As we toured the garden we saw one class having their Arabic lesson outside in the beautiful weather. Arabic and French are both taught here, on a one language per week basis. Children receive 15-30 minutes language tuition per day, depending on age.
Upstairs there is an open room, which classes can use for library time, role play activities and ICT time - there being a bank of ipads and desks, all fitted at child height. Adjacent to this is the language classroom. The nursery has a music teacher and all children have a music lesson every day.
Classes for the very youngest children are on the ground floor, and the baby room has an adjacent sleep area with clean, individually labelled cots. We felt the nursery had a fair standard of cleanliness, although some areas could do with some organisation and tidying.
Throughout the nursery there are indications of the Blossom groups stated aim of being an ‘eco’ nursery – recycled materials are used in each classroom and clever ideas such as water cooler bottles as light shades are in use throughout the building.
Blossom Village has a well equipped kitchen and all food is prepared by the in house cook each day. Parents report being extremely satisfied with the food and most make use of the service, although some do bring their own food. Allergies and special diets can be catered for. Food is charged separately to the standard tuition fees.
Staff to child ratios here exceed Ministry of Education guidelines. They range from 1:3 in the youngest group to 1:8 for children aged 41-60 months. We did feel that the ratio 1:6 for children age 12-20 months would make for a very busy toddler room!
We spoke to Emma, a young Irish teacher who had joined the Blossom group in August 2017. Emma had found the transition from an Irish preschool to Blossom very easy, saying that the quality of provision was easily on a par with home. Emma felt that at Blossom she had more assistance with basic classroom tasks such as cleaning and hygiene, meaning that she had more time to devote to activities with the children and planning. Emma found had found her new colleagues at Blossom Village warm and welcoming and said that everyone was ‘friendly, willing to help and supportive’.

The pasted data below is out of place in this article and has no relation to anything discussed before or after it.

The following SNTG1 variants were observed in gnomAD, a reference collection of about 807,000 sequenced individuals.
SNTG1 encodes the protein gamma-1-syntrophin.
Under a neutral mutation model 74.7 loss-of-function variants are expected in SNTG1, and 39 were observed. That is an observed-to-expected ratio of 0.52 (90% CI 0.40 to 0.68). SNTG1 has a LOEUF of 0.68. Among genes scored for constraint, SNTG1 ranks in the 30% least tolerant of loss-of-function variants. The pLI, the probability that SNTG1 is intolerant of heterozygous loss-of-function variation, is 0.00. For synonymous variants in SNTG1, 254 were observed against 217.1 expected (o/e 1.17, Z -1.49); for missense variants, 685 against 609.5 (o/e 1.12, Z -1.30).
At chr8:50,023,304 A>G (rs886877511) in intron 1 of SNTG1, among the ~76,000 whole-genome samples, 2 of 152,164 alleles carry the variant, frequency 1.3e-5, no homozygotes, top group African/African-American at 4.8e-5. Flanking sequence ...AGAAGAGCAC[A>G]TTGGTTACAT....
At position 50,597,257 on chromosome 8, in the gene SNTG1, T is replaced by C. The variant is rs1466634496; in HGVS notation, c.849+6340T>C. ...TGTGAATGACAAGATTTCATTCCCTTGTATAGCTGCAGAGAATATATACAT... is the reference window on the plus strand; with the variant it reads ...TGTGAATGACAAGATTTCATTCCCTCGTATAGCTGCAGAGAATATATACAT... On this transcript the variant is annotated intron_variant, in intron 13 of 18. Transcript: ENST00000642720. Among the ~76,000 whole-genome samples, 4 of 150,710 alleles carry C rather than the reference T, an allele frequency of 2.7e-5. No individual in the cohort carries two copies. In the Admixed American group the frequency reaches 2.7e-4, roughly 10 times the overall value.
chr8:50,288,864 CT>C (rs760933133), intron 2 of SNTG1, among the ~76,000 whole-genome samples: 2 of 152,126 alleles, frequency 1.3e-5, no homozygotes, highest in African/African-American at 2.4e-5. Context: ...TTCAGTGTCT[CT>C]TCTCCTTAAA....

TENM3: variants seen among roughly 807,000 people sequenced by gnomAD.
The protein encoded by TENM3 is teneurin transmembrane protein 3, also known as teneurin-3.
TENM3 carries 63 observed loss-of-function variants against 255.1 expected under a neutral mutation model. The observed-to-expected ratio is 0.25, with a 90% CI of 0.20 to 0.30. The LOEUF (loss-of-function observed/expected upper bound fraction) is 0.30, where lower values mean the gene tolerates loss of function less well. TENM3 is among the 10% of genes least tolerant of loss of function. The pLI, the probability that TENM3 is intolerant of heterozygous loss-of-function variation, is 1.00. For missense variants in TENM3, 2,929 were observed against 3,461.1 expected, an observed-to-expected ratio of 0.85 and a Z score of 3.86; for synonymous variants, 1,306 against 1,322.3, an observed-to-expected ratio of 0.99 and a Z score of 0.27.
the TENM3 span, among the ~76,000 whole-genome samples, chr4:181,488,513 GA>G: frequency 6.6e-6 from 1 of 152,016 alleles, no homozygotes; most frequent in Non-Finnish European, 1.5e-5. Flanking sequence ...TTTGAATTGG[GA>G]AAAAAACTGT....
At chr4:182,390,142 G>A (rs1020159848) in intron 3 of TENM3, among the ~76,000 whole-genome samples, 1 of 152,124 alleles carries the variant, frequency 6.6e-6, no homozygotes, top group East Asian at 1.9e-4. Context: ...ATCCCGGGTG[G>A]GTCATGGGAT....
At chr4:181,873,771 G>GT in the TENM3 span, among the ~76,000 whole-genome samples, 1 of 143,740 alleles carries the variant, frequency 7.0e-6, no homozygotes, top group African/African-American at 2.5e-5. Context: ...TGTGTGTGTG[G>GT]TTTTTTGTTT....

Before we left, we spent a few minutes chatting with Jenifer, Mum to Isla (3). Isla had joined Blossom with the Inspire cohort. Isla has Downs Syndrome and Jenifer had felt that she was extremely well supported and cared for at Inspire. The family had approached the move to Blossom with some trepidation, not least as Jenifer had withdrawn Isla from another Blossom branch some before joining Inspire. Jenifer had experienced concern over increasing class sizes at the previous Blossom branch, but so far she had been impressed by Blossom Village and Isla was adapting well. Isla had been kept within her previous class grouping and with the same staff, something that had eased the transition. Jenifer was happy so far and felt positive about the future.
This is a nursery embarking on a new venture and amalgamating two teams of staff. Although there are bound to be some teething problems, none were immediately obvious to our reviewer - the management appear to be handling this with ease. We saw lots of happy and engaged children at Blossom Village, and we would love to see more nurseries have a strong element of SEN inclusion and support.
We look forward to revisiting this nursery to see how the new relationships progresses.